A Cluster of Soap Bubbles is how Theophile Gautier described the decoration of the Alhambra. Yet in spite of its fragility, it has survived many a more substantial palace, and lastingly evokes a setting for The Arabian Nights.
Of a man with a sad and pensive air, North African Arabs say, “he is thinking of Granada.” The Arabs lost Granada in the year that Columbus discovered America, but still, so it is said, there are Moselem families in North Africa who keep two door keys, one of which is more than five centuries old and was made for a lock far away across the Strait of Gibraltar. The last Arab ruler of Granada, Mohammed XI, or Boabdil as he is known in the West, was not even allowed to keep his keys; that is to say, the keys of his palace, the Alhambra.
On January 2, 1492, he turned them over to his conquerors, King Ferdinand and Queen Isabella, and left by way of a southward mountain road, pausing, for one tear-dimmed look backward at a point that has ever since been called “The Last Sigh of the Moor.” Boabdil’s people called him “the poor devil” , a name that reveals a certain sympathy for a man whose lost palace compared very favorably with the Koran’s description of a paradise.
A medieval Arab writer once remarked that the Alhambra was too much like paradise and that, therefore, Allah had been obliged to curse it. The curse was that of continual internecine quarreling and bloodshed, and thse things eventually brought about the downfall of the dynasty that built it.
During the two and a half centuries of its heyday as the residence of the Nasrid kings of Granada, the Alhambra was without doubt the most elegant, sophisticated, and beautiful dwelling in all the Western world. The name “Alhambra” refers to a complex of buildings on top of a hill called the Sabika, that rises like an acropolis in the midst of the city of Granada. The residence, which is the most beautiful part of the Alhambra, is itself divided according to the customary palace planning in the Near East. The main outer gate is called the Gate of Justice, the area in front of palace gates being the traditional seat of justice among the Moslems. Next comes the throne room and other halls and courtyards for official entertaining, and then the king’s private quarters and the harem, with windows overlooking the sheerest descent of the hill.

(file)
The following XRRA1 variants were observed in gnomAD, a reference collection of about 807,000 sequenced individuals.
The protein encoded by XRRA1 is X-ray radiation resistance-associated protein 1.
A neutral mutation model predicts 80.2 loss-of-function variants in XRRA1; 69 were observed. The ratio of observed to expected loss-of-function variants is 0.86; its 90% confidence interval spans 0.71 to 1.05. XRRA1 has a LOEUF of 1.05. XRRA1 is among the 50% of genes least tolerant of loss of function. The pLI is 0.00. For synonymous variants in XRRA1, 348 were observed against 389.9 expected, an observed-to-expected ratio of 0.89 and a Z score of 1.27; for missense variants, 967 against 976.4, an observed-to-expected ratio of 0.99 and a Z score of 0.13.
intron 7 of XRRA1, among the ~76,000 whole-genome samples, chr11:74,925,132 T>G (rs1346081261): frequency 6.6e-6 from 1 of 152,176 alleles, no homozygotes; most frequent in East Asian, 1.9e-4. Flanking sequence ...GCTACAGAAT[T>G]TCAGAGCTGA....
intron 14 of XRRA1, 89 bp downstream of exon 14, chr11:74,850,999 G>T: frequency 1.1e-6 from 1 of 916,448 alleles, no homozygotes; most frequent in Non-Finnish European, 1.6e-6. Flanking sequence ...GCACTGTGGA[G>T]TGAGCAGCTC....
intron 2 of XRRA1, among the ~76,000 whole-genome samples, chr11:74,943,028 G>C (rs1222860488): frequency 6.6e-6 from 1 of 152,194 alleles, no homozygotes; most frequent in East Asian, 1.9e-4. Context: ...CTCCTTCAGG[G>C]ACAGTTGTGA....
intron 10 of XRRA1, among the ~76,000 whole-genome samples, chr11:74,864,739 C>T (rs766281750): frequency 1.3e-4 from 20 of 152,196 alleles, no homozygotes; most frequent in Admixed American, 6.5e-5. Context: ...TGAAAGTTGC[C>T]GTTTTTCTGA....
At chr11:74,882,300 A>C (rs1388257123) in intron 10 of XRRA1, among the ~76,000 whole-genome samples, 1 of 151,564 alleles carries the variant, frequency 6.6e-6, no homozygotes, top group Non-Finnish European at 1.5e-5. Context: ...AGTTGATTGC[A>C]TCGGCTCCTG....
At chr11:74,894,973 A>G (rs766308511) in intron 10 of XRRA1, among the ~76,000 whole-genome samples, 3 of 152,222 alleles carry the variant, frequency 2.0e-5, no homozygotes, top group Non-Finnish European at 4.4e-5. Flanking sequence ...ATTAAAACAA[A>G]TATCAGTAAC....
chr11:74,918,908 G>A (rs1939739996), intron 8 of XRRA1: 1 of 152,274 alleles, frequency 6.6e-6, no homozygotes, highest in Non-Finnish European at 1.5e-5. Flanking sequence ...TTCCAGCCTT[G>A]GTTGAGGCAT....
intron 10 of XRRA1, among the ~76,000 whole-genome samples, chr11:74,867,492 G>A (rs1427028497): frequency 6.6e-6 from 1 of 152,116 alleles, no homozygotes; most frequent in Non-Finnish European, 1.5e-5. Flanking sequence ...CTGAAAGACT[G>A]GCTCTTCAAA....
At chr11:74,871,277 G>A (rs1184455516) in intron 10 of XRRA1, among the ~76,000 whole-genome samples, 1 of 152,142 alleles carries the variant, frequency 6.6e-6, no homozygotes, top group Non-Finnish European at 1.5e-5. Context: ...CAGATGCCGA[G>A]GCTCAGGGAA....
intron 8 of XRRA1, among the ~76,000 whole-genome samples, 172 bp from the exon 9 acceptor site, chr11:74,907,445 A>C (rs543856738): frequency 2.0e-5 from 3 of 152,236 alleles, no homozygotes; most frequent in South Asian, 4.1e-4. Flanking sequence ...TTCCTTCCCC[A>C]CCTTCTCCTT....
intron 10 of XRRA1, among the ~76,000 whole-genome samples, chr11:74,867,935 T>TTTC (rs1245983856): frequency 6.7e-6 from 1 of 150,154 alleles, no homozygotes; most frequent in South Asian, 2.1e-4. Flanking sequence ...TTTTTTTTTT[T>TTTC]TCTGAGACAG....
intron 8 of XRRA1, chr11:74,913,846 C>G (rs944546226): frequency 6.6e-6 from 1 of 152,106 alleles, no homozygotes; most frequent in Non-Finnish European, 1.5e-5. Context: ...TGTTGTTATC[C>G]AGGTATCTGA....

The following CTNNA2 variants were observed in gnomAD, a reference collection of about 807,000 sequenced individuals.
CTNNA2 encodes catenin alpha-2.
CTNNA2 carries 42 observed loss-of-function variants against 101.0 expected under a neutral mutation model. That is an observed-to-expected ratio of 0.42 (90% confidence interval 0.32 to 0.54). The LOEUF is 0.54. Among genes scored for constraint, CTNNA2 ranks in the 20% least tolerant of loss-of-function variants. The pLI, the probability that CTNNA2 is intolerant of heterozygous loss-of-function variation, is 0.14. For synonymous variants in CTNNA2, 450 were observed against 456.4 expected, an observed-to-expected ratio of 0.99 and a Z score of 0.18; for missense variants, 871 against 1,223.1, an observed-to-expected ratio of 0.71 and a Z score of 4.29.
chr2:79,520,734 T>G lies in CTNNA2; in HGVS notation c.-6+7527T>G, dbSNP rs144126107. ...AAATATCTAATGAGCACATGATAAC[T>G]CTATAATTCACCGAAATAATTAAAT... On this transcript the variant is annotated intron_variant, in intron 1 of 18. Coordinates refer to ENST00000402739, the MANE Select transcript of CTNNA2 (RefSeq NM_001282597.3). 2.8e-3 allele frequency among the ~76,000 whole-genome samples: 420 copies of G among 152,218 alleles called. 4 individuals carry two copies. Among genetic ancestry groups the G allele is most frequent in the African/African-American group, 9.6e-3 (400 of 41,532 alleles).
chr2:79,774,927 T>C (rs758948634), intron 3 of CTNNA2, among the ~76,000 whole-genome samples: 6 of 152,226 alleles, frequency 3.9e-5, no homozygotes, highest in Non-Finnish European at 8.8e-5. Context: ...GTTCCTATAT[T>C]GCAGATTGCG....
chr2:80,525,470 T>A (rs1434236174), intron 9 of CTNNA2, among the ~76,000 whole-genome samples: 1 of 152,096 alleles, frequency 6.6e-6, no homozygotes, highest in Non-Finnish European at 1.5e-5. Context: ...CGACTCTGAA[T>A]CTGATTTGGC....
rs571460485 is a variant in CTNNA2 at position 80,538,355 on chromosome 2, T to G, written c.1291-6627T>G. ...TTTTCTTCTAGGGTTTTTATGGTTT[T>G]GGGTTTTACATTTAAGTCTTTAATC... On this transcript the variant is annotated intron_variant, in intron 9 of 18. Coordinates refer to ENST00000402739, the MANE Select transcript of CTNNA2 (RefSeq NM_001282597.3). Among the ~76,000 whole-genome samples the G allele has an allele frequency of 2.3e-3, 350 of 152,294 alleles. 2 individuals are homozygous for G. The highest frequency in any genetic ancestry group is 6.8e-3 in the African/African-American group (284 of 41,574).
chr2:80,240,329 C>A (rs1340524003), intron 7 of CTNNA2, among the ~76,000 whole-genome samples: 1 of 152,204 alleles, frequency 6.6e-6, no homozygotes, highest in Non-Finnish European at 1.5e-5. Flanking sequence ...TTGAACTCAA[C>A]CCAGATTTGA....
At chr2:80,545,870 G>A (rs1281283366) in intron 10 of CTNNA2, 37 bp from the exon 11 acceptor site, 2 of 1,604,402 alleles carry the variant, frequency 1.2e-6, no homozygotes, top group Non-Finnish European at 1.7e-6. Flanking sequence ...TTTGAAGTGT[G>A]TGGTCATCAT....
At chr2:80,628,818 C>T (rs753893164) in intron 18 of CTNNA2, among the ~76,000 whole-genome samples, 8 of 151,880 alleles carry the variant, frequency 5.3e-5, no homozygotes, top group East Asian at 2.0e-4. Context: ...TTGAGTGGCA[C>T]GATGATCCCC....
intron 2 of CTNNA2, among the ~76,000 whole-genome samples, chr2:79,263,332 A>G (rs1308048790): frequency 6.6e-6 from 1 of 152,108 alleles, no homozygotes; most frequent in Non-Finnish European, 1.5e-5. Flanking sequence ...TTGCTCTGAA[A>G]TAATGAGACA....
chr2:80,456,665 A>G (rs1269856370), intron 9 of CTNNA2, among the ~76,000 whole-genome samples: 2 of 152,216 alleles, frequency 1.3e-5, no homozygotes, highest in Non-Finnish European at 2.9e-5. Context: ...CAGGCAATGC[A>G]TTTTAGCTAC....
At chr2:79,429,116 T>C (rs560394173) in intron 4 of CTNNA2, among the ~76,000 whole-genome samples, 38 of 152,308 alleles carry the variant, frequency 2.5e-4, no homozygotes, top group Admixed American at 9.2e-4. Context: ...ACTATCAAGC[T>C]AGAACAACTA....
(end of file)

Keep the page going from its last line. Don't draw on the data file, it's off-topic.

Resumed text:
Theophile Gautier, who lived for several months in Granada in the 1840′s wrote describing a sunset: ” the mountains sparkle like vast heaps of rubies, topazes and carbuncles; the spaces between are filled with a golden dust, and if, as often occurs in summer, the peasants are burning straw in the plain, the wisps of smoke which slowly rise heavenward are colored by the rays of the setting sun with exquisite tints.”
The walls looked to Gautier , who was allowed to live in the palace for a few days, like “plaster embroidery,” and the delicate honeycomb moldings like “a cluster of soap bubbles which children blow with a straw,” and in fact the Alhambra is not that much more substantial since it is made of nothing more enduring than stucco on top of reed scaffolding.